Board vote on EBR schools budget delayed

An expected Thursday night vote on next year’s budget for the East Baton Rouge Parish school system has been postponed to give School Board members and the public more time to consider additional money the system will receive.

“We have until September to adopt a general fund budget,” said Superintendent Bernard Taylor. “I don’t anticipate a significant delay in this.”

At issue is almost $9 million more in additional money the school system will receive from various recent court and legislative actions that need to be taken into account. In addition, Taylor said, there are at least two board members who won’t be able to attend Thursday’s meeting.

Taylor said he felt it is important to make sure all 11 board members get a chance to comment on the budget.

Although the general fund budget won’t be voted on, there will be a number of budgets for programs that have federal funding sources that will go to the board for votes to get those budgets approved by the end of the fiscal year June 30.

Board President David Tatman said the decision was made Tuesday to remove the general fund vote from the agenda and give the board and the public more time to consider recent additional money the system is expected to receive.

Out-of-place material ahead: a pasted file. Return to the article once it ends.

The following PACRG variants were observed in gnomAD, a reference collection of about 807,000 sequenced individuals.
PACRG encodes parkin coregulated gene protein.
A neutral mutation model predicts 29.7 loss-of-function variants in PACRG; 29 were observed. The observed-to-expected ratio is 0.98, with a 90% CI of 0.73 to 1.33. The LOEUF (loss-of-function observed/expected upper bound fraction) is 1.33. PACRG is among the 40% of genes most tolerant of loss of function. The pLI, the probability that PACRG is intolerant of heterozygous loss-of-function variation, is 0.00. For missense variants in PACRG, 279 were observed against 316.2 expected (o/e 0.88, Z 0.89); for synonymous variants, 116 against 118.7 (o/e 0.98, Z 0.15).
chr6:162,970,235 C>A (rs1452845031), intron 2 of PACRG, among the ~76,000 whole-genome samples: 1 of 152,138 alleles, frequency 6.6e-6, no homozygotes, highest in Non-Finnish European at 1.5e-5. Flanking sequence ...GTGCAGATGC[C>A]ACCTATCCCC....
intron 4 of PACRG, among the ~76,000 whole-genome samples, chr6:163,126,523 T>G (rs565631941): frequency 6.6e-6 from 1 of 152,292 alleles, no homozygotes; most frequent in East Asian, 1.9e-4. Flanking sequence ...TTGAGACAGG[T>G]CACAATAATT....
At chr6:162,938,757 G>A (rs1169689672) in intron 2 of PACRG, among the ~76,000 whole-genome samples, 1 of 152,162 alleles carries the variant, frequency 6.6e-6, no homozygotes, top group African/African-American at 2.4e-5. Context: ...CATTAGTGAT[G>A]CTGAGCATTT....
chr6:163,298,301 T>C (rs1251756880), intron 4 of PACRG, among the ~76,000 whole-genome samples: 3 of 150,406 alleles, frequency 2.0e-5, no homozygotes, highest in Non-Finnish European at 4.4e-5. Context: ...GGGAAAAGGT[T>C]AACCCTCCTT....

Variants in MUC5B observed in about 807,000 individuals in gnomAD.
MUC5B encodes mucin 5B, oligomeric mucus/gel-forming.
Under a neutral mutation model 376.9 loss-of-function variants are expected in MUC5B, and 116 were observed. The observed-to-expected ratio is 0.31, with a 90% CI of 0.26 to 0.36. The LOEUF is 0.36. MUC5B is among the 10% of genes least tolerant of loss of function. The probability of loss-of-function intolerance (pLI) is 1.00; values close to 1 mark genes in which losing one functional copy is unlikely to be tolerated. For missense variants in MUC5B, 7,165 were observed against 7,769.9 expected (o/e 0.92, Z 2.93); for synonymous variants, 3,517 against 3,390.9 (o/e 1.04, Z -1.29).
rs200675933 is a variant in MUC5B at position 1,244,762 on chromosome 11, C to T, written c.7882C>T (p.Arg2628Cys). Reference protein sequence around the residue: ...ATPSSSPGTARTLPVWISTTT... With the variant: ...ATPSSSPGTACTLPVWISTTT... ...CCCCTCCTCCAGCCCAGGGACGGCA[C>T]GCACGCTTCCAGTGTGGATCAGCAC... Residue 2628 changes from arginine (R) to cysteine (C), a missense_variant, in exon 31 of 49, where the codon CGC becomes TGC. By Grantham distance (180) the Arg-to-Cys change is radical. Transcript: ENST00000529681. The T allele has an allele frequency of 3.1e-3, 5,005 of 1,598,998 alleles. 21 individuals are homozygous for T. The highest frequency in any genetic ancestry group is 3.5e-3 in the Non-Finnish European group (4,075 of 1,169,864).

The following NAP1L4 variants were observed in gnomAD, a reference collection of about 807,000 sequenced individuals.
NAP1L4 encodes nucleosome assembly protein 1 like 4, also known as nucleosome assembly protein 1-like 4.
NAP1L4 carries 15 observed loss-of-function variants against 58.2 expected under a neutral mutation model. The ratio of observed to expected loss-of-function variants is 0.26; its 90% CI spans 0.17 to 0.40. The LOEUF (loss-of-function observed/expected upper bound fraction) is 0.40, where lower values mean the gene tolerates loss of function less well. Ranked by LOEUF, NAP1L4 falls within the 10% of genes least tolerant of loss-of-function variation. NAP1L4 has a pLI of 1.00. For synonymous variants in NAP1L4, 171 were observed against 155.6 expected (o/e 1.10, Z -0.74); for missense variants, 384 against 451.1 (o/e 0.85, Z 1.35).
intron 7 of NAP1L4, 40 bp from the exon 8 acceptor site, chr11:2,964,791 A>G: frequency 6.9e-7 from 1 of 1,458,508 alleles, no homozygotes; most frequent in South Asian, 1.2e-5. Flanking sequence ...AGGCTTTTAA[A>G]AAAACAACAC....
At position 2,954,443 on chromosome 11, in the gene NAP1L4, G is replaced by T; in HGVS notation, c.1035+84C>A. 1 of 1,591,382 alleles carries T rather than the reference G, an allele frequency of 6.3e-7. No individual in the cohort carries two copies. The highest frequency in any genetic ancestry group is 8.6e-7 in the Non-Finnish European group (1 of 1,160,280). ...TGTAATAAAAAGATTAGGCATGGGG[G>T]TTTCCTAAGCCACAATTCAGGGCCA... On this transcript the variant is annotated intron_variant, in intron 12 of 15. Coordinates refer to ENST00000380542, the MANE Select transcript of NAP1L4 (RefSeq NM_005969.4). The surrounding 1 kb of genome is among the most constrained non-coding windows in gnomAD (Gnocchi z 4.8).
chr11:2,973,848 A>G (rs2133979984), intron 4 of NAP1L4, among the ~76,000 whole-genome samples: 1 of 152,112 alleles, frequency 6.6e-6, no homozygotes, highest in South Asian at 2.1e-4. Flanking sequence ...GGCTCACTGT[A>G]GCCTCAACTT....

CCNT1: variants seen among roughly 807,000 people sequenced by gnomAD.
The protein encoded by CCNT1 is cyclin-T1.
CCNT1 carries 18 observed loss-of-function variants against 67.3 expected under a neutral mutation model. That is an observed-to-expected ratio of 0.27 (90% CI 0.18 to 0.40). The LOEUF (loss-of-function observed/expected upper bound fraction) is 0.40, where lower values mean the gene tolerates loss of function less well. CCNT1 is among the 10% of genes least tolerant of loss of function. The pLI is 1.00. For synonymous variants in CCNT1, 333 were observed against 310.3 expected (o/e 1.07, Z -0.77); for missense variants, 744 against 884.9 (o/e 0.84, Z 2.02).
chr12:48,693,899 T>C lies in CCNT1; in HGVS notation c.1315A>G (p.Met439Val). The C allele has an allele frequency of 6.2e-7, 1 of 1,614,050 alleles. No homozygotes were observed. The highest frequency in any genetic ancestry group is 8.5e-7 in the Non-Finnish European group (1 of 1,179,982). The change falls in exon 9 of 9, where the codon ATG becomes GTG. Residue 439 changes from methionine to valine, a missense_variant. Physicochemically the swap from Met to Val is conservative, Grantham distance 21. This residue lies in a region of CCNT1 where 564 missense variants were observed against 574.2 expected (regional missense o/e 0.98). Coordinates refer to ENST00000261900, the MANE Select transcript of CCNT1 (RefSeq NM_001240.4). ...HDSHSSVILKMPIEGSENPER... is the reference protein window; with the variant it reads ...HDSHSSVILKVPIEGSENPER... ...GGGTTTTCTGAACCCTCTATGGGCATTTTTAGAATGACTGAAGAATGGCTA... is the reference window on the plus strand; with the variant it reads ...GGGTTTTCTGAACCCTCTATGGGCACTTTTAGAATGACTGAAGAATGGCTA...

“With some new dollars, maybe it would be better to hold off for a couple weeks,” Tatman said. “There will be a lot of questions about those dollars and how they can best be used.”

The School Board had been discussing a $426.6 million budget that included $6.2 million in cuts. However, it didn’t include a state education funding formula the Legislature approved this year which will bring about $69 million in additional money to public schools. Half of that money is required to be used for pay raises for teachers and other certified school employees and the other half can be used at the district’s discretion.

The East Baton Rouge Parish school system also expects additional money to be available due to a Louisiana Supreme Court ruling that it was unconstitutional for the state’s voucher program to use money from the state’s per pupil funding program called the Minimum Foundation Program.

The voucher program continues, but is being paid for through the state’s general revenue instead. The voucher program allows qualifying students who attend failing public schools to attend private and parochial schools instead using taxpayer dollars.